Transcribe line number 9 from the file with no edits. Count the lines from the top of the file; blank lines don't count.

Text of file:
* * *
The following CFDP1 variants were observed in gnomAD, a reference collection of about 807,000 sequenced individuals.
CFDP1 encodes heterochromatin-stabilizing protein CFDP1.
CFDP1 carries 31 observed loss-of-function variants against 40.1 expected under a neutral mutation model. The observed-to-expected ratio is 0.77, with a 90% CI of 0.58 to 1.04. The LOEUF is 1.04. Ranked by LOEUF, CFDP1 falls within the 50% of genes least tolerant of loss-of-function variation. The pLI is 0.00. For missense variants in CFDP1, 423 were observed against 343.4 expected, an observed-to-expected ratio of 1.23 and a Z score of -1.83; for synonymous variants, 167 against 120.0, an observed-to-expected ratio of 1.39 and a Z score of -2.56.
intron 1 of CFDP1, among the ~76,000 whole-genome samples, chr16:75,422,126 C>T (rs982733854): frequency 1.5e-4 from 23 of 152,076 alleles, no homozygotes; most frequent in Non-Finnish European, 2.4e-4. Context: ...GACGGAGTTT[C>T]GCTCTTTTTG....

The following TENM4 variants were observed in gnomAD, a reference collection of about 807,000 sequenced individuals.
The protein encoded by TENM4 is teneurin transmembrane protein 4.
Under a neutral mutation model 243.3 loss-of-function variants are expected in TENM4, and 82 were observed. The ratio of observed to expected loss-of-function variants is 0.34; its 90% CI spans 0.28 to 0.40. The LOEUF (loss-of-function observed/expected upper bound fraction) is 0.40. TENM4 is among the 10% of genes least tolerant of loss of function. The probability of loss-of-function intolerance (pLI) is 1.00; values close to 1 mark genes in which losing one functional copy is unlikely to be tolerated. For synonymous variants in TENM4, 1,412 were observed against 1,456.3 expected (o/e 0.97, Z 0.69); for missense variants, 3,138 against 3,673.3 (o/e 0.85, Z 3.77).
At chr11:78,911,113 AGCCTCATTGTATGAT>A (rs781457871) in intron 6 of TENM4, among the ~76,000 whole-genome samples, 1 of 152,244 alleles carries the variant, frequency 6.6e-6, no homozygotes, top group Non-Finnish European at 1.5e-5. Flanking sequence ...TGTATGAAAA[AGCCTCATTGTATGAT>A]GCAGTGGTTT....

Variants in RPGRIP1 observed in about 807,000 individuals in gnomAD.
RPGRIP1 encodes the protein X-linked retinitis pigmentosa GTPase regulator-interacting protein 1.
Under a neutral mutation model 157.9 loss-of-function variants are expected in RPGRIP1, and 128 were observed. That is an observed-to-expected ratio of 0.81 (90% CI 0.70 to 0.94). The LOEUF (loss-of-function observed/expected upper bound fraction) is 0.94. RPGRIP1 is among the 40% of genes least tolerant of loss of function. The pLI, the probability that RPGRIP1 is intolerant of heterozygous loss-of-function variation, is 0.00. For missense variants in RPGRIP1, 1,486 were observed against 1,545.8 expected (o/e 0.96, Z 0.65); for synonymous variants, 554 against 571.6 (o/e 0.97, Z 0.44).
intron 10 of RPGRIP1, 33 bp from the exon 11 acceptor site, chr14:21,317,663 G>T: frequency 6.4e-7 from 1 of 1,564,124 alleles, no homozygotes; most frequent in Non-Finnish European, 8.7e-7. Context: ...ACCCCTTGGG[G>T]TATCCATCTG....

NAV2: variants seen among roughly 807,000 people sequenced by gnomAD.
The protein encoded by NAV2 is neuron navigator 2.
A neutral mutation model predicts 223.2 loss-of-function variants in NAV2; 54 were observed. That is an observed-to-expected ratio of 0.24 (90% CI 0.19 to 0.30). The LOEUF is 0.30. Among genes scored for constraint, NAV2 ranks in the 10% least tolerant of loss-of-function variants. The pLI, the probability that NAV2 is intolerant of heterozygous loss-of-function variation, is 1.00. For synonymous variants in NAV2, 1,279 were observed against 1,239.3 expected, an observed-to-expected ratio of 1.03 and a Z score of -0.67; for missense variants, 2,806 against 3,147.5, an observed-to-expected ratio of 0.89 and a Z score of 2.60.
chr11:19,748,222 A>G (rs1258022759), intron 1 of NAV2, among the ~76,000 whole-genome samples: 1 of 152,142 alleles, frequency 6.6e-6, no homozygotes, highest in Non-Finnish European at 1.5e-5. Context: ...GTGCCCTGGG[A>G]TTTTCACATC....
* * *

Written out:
Variants in RPGRIP1 observed in about 807,000 individuals in gnomAD.